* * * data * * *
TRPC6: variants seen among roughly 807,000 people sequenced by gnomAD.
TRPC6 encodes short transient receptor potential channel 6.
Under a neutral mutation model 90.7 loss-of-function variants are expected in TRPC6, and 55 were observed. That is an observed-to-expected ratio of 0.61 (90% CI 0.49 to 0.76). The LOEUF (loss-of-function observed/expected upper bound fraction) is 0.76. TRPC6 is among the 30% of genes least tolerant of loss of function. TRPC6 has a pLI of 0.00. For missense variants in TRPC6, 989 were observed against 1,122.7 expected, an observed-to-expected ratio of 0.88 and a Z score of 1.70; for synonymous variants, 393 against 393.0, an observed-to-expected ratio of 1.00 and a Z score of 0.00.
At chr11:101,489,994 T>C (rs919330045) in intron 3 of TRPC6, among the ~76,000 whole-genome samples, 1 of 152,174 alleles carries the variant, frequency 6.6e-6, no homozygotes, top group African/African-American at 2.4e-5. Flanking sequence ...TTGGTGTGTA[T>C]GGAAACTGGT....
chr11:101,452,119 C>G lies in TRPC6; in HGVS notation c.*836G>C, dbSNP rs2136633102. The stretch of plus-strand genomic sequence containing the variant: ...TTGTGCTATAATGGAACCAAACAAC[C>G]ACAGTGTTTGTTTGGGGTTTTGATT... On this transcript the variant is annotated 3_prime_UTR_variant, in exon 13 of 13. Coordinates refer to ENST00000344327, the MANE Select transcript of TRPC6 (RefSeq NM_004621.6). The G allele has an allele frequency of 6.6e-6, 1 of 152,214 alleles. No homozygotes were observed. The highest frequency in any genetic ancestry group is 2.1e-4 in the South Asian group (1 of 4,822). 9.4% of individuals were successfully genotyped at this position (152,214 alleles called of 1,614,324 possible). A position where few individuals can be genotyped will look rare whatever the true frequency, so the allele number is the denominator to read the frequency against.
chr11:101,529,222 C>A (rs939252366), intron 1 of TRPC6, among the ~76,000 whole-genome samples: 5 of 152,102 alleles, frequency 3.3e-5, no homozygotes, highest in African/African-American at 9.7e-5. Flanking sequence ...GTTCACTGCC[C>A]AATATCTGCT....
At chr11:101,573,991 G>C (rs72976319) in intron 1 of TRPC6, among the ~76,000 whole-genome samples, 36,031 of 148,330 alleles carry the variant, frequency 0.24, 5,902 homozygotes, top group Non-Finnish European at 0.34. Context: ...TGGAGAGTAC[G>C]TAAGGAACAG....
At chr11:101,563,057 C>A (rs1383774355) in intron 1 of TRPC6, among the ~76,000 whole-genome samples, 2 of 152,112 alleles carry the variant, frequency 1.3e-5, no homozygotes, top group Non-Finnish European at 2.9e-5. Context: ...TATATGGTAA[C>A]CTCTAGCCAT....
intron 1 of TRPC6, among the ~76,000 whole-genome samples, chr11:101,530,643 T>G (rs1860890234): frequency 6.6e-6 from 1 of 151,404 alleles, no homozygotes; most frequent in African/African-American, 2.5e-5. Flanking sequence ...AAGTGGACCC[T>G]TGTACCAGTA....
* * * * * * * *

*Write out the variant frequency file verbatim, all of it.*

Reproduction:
TRPC6: variants seen among roughly 807,000 people sequenced by gnomAD.
TRPC6 encodes short transient receptor potential channel 6.
Under a neutral mutation model 90.7 loss-of-function variants are expected in TRPC6, and 55 were observed. That is an observed-to-expected ratio of 0.61 (90% CI 0.49 to 0.76). The LOEUF (loss-of-function observed/expected upper bound fraction) is 0.76. TRPC6 is among the 30% of genes least tolerant of loss of function. TRPC6 has a pLI of 0.00. For missense variants in TRPC6, 989 were observed against 1,122.7 expected, an observed-to-expected ratio of 0.88 and a Z score of 1.70; for synonymous variants, 393 against 393.0, an observed-to-expected ratio of 1.00 and a Z score of 0.00.
At chr11:101,489,994 T>C (rs919330045) in intron 3 of TRPC6, among the ~76,000 whole-genome samples, 1 of 152,174 alleles carries the variant, frequency 6.6e-6, no homozygotes, top group African/African-American at 2.4e-5. Flanking sequence ...TTGGTGTGTA[T>C]GGAAACTGGT....
chr11:101,452,119 C>G lies in TRPC6; in HGVS notation c.*836G>C, dbSNP rs2136633102. The stretch of plus-strand genomic sequence containing the variant: ...TTGTGCTATAATGGAACCAAACAAC[C>G]ACAGTGTTTGTTTGGGGTTTTGATT... On this transcript the variant is annotated 3_prime_UTR_variant, in exon 13 of 13. Coordinates refer to ENST00000344327, the MANE Select transcript of TRPC6 (RefSeq NM_004621.6). The G allele has an allele frequency of 6.6e-6, 1 of 152,214 alleles. No homozygotes were observed. The highest frequency in any genetic ancestry group is 2.1e-4 in the South Asian group (1 of 4,822). 9.4% of individuals were successfully genotyped at this position (152,214 alleles called of 1,614,324 possible). A position where few individuals can be genotyped will look rare whatever the true frequency, so the allele number is the denominator to read the frequency against.
chr11:101,529,222 C>A (rs939252366), intron 1 of TRPC6, among the ~76,000 whole-genome samples: 5 of 152,102 alleles, frequency 3.3e-5, no homozygotes, highest in African/African-American at 9.7e-5. Flanking sequence ...GTTCACTGCC[C>A]AATATCTGCT....
At chr11:101,573,991 G>C (rs72976319) in intron 1 of TRPC6, among the ~76,000 whole-genome samples, 36,031 of 148,330 alleles carry the variant, frequency 0.24, 5,902 homozygotes, top group Non-Finnish European at 0.34. Context: ...TGGAGAGTAC[G>C]TAAGGAACAG....
At chr11:101,563,057 C>A (rs1383774355) in intron 1 of TRPC6, among the ~76,000 whole-genome samples, 2 of 152,112 alleles carry the variant, frequency 1.3e-5, no homozygotes, top group Non-Finnish European at 2.9e-5. Context: ...TATATGGTAA[C>A]CTCTAGCCAT....
intron 1 of TRPC6, among the ~76,000 whole-genome samples, chr11:101,530,643 T>G (rs1860890234): frequency 6.6e-6 from 1 of 151,404 alleles, no homozygotes; most frequent in African/African-American, 2.5e-5. Flanking sequence ...AAGTGGACCC[T>G]TGTACCAGTA....